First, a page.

Its not a secret that New York City is known for showcasing the “best of the best”. Its true. There is not a week that goes by where an artist isn’t winning over fans at a local hall or venue. Some of the best representations of talent have come from being a part of Jill Newman Productions. Simply put, Newman has a way to bringing together some of the those most amazing talents, famous and almost famous alike, and putting together a memorable experience. So when word came out about the Indelible Festival going down at Highline Ballroom, anticipating a packed crowd would be an understatement. Not the mention the fact that you hear that super producer, drummer , all around ill individual in the form of ?uestlove will be serving as the deejay for the evening. The night already teased moments of a good time for all.
Imagine a lineup where the only thing that you as a fan has to do is get lost in the music. Its not hard when you have Bajah & The Dry Eyed Crew opening the show with their energetic, West African flow. You may or may not remember them from the Roots Picnic, held in Philly about 2 years ago. One thing is for sure, these two men hailing from Sierra Leone definitely know how to open a show. Up next, the amazingly talented bassist, Derrick Hodge. As a lover of the bass, it was definitely easy to get lost in Hodge’s composition. As soon as Hodge began to play his first bass line, someone from the crowd shouted, “THATS WHAT I’M TALKING ABOUT RIGHT THERE…”. I think they were on to something. The real treat of the night came in the form of legendary percussionist, Gary Bartz and jazz legend, Little Jimmy Scott. All of the young folks who came out on Friday received a treat, whether they knew it or not. Performing some of this most amazing hits, Scott wooed the crowd, while Bartz led them into an eargasm waltz. And to think, the night was only just beginning.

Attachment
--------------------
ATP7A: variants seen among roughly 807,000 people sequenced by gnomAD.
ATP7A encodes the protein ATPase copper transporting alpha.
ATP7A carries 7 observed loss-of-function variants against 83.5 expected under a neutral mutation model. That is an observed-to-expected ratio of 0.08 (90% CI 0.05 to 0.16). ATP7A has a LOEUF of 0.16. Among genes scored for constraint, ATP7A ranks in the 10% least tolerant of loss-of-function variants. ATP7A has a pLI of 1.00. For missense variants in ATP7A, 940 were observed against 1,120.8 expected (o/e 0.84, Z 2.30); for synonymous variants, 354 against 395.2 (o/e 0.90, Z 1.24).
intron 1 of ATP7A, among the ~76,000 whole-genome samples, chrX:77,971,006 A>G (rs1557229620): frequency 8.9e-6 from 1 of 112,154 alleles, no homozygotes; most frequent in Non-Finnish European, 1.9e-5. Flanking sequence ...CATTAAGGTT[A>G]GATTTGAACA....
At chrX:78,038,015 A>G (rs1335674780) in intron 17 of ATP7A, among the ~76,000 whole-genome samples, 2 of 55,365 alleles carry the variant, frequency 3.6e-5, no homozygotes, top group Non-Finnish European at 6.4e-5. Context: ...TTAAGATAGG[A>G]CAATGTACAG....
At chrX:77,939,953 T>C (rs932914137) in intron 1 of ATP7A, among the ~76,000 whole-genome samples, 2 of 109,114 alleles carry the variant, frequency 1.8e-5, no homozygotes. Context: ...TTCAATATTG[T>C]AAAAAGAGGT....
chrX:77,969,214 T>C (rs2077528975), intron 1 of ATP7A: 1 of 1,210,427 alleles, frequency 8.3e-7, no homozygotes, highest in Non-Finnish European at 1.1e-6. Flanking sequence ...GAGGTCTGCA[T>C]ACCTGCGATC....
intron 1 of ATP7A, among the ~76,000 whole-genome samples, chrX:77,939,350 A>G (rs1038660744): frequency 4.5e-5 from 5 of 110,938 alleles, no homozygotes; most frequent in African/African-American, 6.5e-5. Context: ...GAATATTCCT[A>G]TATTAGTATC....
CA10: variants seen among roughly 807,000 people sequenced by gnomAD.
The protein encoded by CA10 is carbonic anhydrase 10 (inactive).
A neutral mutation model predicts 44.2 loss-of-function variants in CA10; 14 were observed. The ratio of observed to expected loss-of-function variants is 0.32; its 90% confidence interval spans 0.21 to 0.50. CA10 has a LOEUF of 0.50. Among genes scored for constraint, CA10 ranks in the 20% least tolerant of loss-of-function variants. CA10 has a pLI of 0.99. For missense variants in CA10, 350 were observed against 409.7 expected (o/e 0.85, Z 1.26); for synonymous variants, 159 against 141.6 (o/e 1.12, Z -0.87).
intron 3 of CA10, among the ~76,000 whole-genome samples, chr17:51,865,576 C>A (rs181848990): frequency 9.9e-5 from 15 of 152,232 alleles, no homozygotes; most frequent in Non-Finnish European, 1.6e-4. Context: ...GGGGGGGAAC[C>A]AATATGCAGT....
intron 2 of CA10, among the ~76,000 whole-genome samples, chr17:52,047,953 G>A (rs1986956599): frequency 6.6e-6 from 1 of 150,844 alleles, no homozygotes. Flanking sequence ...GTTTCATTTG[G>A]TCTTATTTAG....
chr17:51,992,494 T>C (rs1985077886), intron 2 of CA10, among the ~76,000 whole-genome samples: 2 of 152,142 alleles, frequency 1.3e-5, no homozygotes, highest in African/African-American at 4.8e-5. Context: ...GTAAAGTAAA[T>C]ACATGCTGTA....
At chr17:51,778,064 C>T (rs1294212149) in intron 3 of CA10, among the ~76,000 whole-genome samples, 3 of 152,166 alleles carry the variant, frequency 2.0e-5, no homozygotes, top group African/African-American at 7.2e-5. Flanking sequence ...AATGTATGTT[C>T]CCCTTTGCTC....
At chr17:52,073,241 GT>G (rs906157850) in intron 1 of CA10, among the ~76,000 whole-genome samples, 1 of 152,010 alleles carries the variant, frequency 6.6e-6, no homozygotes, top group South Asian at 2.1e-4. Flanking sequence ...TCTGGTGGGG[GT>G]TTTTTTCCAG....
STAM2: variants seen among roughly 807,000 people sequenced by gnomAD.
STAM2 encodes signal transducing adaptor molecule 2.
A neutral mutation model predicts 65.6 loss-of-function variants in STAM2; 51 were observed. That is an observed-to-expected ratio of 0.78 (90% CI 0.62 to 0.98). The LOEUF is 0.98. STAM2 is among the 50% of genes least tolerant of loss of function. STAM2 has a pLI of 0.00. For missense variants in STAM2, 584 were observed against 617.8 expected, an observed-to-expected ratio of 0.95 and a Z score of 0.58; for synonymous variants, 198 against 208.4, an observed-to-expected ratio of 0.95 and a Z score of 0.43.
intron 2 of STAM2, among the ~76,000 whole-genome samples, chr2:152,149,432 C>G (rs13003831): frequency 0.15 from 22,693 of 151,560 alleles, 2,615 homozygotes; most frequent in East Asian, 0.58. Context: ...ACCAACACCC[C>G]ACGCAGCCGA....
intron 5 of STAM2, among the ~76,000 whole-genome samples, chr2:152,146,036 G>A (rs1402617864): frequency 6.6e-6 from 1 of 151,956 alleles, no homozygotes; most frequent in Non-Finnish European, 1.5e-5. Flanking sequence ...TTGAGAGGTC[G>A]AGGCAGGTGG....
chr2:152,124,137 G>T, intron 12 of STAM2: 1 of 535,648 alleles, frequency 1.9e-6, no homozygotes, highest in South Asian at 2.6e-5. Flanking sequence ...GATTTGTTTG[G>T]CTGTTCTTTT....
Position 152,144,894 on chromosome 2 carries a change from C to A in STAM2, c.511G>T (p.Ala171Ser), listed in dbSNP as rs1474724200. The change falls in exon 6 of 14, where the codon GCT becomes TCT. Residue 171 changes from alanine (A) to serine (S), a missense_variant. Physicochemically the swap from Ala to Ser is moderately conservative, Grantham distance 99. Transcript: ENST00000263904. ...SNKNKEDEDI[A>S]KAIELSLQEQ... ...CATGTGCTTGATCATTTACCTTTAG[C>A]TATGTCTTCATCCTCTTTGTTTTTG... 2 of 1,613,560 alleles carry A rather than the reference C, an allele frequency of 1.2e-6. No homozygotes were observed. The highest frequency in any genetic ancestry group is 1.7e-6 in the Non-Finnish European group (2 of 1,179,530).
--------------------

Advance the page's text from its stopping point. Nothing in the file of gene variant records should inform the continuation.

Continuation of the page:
Bilal then hits the stage. If you’ve ever had the opportunity to experience this artist, then you understand the power of his creativity. Opening his set with a remake of “Levels” from his Airtight’s Revenge album, Bilal grabbed the audience’s attention. Bringing out Robert Glasper, as well as Mr. Bartz, Bilal continued to showcase why being eccentric as an artist has its perks. Performing track such as “Who Are You” and “All Matter”, each artist on that stage got an opportunity to showcase their skills all while reminding the crowd about how powerful Bilal’s recent release was.
To close the show and give light to reason why we were all gathered, Yasiin Bey (formerly known as Mos Def) steps on stage to pay tribute to one of the world’s most amazing poets, Gil Scott-Heron. “He’s the reason why I do what I do”, says Bey as he begins his dedication to late artist. Opening his segment with “New York City”, an emotional Bey began to show his connection with the poem as not only a native New Yorker, but also as an admirer of Heron. Bey continued to give the audience a taste of the legend through remakes of his works such as “Home” and “Winter In America”.
From the tributes, the presentation of new talent, preservation of the legendary, and overall dope vibe of the festival, there is no doubt why the show was indeed, indelible. Its not really a surprise though. Jill Newman never disappoints. She has a eye for this kind of stuff.